The Grammy stage is America’s Buckingham Palace, and the crowns belong to Prince Harry Styles and Queen Megan Thee Stallion. A small, elite group of royals draped in Dolce & Gabbana and Gucci celebrate, grieve, gossip and carouse in their annual kingdom. The scandal in the air is tangible. What were exes Taylor Swift and Harry Styles discussing during Doja Cat’s performance? Should John Mayer have attended, given his history of racist and sexist remarks? Why was Billie Eilish awarded Record of the Year over the more obvious choices? America’s eyes were glued to our royals: Beyoncé, Bruno, Billie, Taylor, Doja, Harry, Megan, Dua, future princess Blue Ivy … the list goes on. The show is an aesthetic feast of red carpets, flashy costumes and beautiful people, but behind the cameras and curtains looms a history of racism and sexism. Nevertheless, it’s the Grammys, music’s most regal event, and fans across the world tuned in March 14, 2021 with excitement for a show that ostentatiously centered the Black Lives Matter movement alongside a healthy serving of feminist spectacle.
Despite the Recording Academy’s historic tendency to favor white men, this year’s ceremony was a groundbreaking night for women and artists of color, especially Black women. Beyoncé casually earned her 28th Grammy, breaking bluegrass legend Alison Krauss’ record and becoming the most awarded female artist in Grammy history. And of course, Queen Bey’s daughter, Blue Ivy, became the second-youngest ever Grammy winner at nine years old for her writing contribution to “Brown Skin Girl.” KAYTRANADA became the first Black artist to win Best Dance/Electronic album for “BUBBA,” and Megan Thee Stallion took home three well-deserved Grammys for Best New Artist, Best Rap Performance and Best Rap Song. H.E.R. was awarded Song of the Year for her Black Lives Matter anthem, “I Can’t Breathe,” and Best R&B Song for “Better Than I Imagined.” And, unsurprisingly, Taylor Swift became the first woman to win Album of the Year three times.
The domination of female artists in both the rock and country categories, which are typically boys clubs, was a refreshing reversal. For Best Country Album, bands with female lead singers and female solo artists made up all five of the nominations. Notably, Mickey Guyton made history as the first Black woman to receive a nomination for Best Country Solo Performance for her moving ballad, “Black Like Me.” For Best Rock Performance, all six nominees were also women or bands with female lead singers. Were the Grammys trying to perform emergency surgery on their reputation and prove how woke they are? It’s a possibility, but regardless of motive, it’s high time female artists were shown some recognition in these genres.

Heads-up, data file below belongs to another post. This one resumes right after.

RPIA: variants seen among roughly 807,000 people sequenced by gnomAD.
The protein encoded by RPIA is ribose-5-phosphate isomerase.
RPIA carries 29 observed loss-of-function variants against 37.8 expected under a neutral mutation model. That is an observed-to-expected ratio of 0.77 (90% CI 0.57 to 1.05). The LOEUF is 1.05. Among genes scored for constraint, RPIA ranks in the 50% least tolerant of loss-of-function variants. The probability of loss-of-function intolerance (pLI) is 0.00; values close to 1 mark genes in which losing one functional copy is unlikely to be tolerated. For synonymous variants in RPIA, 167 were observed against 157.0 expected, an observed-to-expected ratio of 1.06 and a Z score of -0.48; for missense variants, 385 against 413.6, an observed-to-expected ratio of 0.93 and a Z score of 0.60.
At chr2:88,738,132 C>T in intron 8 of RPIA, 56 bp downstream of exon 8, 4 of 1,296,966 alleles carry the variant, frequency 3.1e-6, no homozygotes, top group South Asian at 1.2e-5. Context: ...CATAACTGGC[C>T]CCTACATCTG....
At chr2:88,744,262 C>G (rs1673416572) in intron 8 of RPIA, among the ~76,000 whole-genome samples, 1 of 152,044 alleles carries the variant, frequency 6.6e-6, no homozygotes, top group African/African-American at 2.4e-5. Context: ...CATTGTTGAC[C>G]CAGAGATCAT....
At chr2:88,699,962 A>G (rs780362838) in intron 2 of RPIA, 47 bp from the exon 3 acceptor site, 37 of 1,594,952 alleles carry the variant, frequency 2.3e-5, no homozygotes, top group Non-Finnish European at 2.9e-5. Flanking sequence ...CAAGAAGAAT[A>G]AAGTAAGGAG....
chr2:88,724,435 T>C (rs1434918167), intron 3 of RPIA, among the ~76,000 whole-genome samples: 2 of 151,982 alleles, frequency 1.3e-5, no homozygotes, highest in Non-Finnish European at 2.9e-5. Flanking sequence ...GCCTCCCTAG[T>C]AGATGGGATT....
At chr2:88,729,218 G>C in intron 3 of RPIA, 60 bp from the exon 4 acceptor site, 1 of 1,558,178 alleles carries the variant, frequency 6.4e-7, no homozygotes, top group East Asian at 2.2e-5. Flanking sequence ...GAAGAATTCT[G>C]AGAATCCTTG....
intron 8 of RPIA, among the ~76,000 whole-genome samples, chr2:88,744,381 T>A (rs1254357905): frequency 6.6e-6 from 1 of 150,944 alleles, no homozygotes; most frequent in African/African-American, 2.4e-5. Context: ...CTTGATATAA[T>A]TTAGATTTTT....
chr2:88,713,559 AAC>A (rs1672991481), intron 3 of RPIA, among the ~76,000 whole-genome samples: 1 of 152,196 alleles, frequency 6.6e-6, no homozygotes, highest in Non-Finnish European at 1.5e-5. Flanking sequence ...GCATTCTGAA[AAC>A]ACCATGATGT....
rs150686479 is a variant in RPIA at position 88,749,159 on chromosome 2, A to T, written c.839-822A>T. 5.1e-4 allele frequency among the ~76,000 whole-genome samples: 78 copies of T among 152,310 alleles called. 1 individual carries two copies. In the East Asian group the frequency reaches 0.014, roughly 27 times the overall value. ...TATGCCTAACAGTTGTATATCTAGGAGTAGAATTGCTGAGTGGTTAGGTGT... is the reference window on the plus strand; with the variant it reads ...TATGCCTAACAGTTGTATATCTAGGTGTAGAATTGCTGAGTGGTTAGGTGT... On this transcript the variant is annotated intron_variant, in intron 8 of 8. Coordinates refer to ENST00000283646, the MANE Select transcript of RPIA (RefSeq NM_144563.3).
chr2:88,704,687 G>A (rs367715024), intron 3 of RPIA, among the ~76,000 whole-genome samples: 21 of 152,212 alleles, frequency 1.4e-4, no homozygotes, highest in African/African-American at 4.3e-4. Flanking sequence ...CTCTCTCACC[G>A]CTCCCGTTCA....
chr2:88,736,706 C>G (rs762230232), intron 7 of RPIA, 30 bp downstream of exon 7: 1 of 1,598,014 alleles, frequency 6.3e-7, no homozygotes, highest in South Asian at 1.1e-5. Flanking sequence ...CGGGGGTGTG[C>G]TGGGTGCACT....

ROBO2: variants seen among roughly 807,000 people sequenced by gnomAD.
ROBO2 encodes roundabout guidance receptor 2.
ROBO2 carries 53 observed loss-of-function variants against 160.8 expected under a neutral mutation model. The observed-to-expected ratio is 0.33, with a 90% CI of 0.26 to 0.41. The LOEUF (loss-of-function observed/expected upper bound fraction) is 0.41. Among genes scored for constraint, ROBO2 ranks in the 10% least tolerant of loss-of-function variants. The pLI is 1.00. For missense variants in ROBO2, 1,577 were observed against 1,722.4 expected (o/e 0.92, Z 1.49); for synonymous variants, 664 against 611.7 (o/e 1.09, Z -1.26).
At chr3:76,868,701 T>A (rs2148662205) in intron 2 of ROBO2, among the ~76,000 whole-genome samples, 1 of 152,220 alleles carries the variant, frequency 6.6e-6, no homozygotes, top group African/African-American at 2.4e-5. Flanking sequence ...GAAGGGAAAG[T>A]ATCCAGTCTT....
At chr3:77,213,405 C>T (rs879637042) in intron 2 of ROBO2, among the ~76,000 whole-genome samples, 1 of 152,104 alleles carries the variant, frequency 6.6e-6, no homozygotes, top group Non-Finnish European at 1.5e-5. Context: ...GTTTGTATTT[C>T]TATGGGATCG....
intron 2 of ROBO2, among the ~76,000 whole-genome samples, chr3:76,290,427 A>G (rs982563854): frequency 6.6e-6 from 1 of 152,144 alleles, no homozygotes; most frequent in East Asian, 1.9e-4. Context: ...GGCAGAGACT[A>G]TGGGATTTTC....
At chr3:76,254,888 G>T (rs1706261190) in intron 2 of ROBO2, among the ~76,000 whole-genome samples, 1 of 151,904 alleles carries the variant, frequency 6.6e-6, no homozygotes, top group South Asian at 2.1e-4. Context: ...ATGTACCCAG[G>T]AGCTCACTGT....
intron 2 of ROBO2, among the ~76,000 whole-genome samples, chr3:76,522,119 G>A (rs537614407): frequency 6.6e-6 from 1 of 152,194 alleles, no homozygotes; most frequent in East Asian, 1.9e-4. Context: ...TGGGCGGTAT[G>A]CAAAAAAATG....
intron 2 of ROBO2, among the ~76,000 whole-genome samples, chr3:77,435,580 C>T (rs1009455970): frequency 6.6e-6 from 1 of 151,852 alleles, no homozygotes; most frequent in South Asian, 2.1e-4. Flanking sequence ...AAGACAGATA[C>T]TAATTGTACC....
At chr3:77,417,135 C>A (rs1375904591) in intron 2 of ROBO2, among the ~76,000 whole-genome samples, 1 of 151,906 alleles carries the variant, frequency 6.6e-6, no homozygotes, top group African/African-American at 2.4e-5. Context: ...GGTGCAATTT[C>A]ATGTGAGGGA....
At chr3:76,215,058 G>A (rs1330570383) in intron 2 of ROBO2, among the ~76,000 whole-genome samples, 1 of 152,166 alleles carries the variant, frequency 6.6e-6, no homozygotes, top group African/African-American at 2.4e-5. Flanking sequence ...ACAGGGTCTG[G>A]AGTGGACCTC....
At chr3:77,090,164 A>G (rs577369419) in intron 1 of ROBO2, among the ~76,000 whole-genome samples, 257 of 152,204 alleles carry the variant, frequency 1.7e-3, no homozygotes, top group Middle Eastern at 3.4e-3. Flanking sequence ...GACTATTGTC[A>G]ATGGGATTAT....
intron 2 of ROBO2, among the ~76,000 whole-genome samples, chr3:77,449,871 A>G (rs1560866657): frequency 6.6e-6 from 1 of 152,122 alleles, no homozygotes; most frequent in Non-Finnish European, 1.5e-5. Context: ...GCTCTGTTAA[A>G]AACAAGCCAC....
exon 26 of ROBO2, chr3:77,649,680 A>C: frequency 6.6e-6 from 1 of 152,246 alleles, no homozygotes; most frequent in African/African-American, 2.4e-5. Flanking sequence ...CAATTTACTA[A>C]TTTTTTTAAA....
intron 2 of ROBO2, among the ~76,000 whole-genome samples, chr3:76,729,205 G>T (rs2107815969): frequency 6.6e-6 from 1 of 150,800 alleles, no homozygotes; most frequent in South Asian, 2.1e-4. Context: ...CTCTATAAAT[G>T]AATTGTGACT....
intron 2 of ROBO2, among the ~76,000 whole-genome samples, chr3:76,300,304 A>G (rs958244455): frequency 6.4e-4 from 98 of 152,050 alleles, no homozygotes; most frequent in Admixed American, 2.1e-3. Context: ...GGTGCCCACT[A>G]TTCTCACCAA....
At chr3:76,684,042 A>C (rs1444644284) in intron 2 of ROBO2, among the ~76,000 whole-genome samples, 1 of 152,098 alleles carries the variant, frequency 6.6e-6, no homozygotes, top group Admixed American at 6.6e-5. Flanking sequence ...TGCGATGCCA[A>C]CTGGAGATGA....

As snubs go, The Recording Academy avoided major controversy for the most part, which was a welcome change of pace from the usual programming. Fans were skeptical as to why The Weeknd, Halsey and Selena Gomez (all people of color) were absent from the list of nominees. However, only two of the awards given out during the show seemed suspicious; Best Pop Solo Performance went to Harry Styles for “Watermelon Sugar,” and Record of the Year went to Billie Eilish for “Everything I Wanted.” While Styles’ and Eilish’s respective tracks are masterful pop ear candy, these categories were stacked with more deserving heavy-hitters. Dua Lipa should have earned Pop Solo Performance for “Don’t Start Now,” given the song’s astronomical performance on TikTok, streaming services and radio over the past year, not to mention its tremendous cultural impact—Lipa single handedly revived ’80s disco and brought the club to everyone’s bedrooms. Taylor Swift’s game-changing “Cardigan” would have also been a more suitable choice for this category.
Record of the Year belonged to either Dua Lipa or Megan Thee Stallion for “Don’t Start Now” or “Savage,” respectively. No disrespect to Eillish, who is one of the most inventive artists in the pop scene; “Everything I Wanted” just wasn’t the record of the year. When music fans think back on 2020, they’ll think of their failed attempts to learn the TikTok dances for “Don’t Start Now” and “Savage.” To Eilish’s credit, her acceptance speech was endearing. “This is really embarrassing for me,” she laughed, “Megan, girl…I was gonna write a speech about how you deserve this but then I was like there’s no way they’re gonna choose me.” She was visibly shocked and uncomfortable as she continued: “You are a queen. I wanna cry thinking about how much I love you.” The moment was yet another notch in the cringey let’s-give-the-award-to-the-white-person Grammy belt; viewers may recall Macklemore winning over Kendrick Lamar in 2014 and Adele beating out Beyoncé in 2017.